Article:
The discovery of my gift after facing my personal wound, as life changing and liberating as it was, placed before me a new set of challenges. As time passed, I continued experiencing an increasing number of things that I could not rationally explain. This was particularly difficult for me because through high school and college I had excelled in the sciences. I worked in a research lab as an undergraduate on a project that would eventually be submitted for publication, landed a my first job post-college as a laboratory manager/research assistant at a prestigious medical school, and had it not been for my illness and drug addiction, may have had a promising career in science. As odd events and synchronicities befell me, none of my prior educational background or training had prepared me to understand or cope with what was happening to me. I was confronted with the possibility of a weakening grip on reality; yet, such a notion proved a difficult pill to swallow. Day by day, I was becoming more functional and effective than I had ever been before. I realized that to begin to understand a paradigm shift was needed.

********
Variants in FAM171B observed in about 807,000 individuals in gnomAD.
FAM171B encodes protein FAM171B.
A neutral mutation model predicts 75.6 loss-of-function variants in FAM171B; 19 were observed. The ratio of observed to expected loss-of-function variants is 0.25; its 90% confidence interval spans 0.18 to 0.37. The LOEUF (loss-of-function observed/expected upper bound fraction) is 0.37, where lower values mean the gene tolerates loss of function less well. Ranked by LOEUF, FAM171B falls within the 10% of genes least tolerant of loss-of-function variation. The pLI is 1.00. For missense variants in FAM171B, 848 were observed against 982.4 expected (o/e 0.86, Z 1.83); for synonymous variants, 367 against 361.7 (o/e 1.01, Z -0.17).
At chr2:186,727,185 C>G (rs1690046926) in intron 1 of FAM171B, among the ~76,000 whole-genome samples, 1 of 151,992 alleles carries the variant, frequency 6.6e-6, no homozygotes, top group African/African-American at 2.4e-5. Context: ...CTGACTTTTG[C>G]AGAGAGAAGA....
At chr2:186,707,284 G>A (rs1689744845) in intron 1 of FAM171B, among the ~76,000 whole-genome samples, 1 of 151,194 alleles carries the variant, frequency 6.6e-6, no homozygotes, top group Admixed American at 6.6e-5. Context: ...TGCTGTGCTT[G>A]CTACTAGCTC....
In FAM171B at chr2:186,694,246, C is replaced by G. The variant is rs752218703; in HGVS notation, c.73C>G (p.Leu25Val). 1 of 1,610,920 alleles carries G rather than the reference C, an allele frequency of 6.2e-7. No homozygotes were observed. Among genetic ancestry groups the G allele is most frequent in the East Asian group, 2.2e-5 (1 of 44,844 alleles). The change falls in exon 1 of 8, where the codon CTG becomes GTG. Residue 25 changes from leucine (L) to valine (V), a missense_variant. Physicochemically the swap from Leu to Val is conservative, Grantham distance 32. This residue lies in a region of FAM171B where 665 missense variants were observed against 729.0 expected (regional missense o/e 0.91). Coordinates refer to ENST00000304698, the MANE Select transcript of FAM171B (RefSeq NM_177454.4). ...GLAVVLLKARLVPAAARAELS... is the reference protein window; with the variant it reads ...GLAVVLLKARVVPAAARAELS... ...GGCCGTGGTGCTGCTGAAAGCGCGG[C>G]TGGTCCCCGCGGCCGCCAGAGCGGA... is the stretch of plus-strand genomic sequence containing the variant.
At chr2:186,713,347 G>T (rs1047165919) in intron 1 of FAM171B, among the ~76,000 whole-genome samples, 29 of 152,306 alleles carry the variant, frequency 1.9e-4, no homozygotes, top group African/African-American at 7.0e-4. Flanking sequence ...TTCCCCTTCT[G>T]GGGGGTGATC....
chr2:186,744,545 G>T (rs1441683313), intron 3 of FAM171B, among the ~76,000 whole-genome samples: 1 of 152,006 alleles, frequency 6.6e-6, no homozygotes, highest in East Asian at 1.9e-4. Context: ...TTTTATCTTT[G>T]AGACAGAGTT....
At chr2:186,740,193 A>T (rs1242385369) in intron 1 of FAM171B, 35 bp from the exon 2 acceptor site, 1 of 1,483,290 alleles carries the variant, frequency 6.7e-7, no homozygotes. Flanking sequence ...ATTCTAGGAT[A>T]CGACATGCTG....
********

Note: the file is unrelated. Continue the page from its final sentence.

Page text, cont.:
A paradigm is a mental construct or system that serves as a lens; we perceive ourselves, other human beings, and the world through them. The development of our own personal paradigms is a function of the way we interact with our environment and the beliefs, habits, and values we acquire or are “programmed” with through our experiences. The people we interact with, subcultures and cultures we are a part of, and the societies we live in are also integral to our paradigms. Most people are so deeply embedded in their way of seeing things that when confronted with anything in conflict with that viewpoint a common reaction is complete rejection of the idea by labeling it as false (cue Gollum voice), malignant, or both. A paradigm shift typically occurs when, in a short span of time, the lens we see through is bombarded with so many assaults that we are left looking at the cracks and questioning if it was the most accurate way of viewing things to begin with. Then begins a question, answer, and exploration process where we finally face the inconsistencies that we had been previously ignorant to and our understanding of reality and truth starts to expand and shift.